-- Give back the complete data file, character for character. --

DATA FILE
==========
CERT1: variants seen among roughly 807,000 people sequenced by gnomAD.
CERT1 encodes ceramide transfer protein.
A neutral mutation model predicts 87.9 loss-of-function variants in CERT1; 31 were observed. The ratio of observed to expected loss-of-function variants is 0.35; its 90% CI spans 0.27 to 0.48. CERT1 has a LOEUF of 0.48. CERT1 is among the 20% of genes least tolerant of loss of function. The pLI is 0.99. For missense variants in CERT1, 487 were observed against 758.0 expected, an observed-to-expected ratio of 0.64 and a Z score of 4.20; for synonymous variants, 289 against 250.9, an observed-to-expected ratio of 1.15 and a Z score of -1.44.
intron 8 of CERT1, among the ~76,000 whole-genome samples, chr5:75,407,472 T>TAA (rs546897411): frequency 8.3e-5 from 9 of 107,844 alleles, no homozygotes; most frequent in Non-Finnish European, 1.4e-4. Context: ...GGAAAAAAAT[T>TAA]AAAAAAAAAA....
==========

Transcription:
CERT1: variants seen among roughly 807,000 people sequenced by gnomAD.
CERT1 encodes ceramide transfer protein.
A neutral mutation model predicts 87.9 loss-of-function variants in CERT1; 31 were observed. The ratio of observed to expected loss-of-function variants is 0.35; its 90% CI spans 0.27 to 0.48. CERT1 has a LOEUF of 0.48. CERT1 is among the 20% of genes least tolerant of loss of function. The pLI is 0.99. For missense variants in CERT1, 487 were observed against 758.0 expected, an observed-to-expected ratio of 0.64 and a Z score of 4.20; for synonymous variants, 289 against 250.9, an observed-to-expected ratio of 1.15 and a Z score of -1.44.
intron 8 of CERT1, among the ~76,000 whole-genome samples, chr5:75,407,472 T>TAA (rs546897411): frequency 8.3e-5 from 9 of 107,844 alleles, no homozygotes; most frequent in Non-Finnish European, 1.4e-4. Context: ...GGAAAAAAAT[T>TAA]AAAAAAAAAA....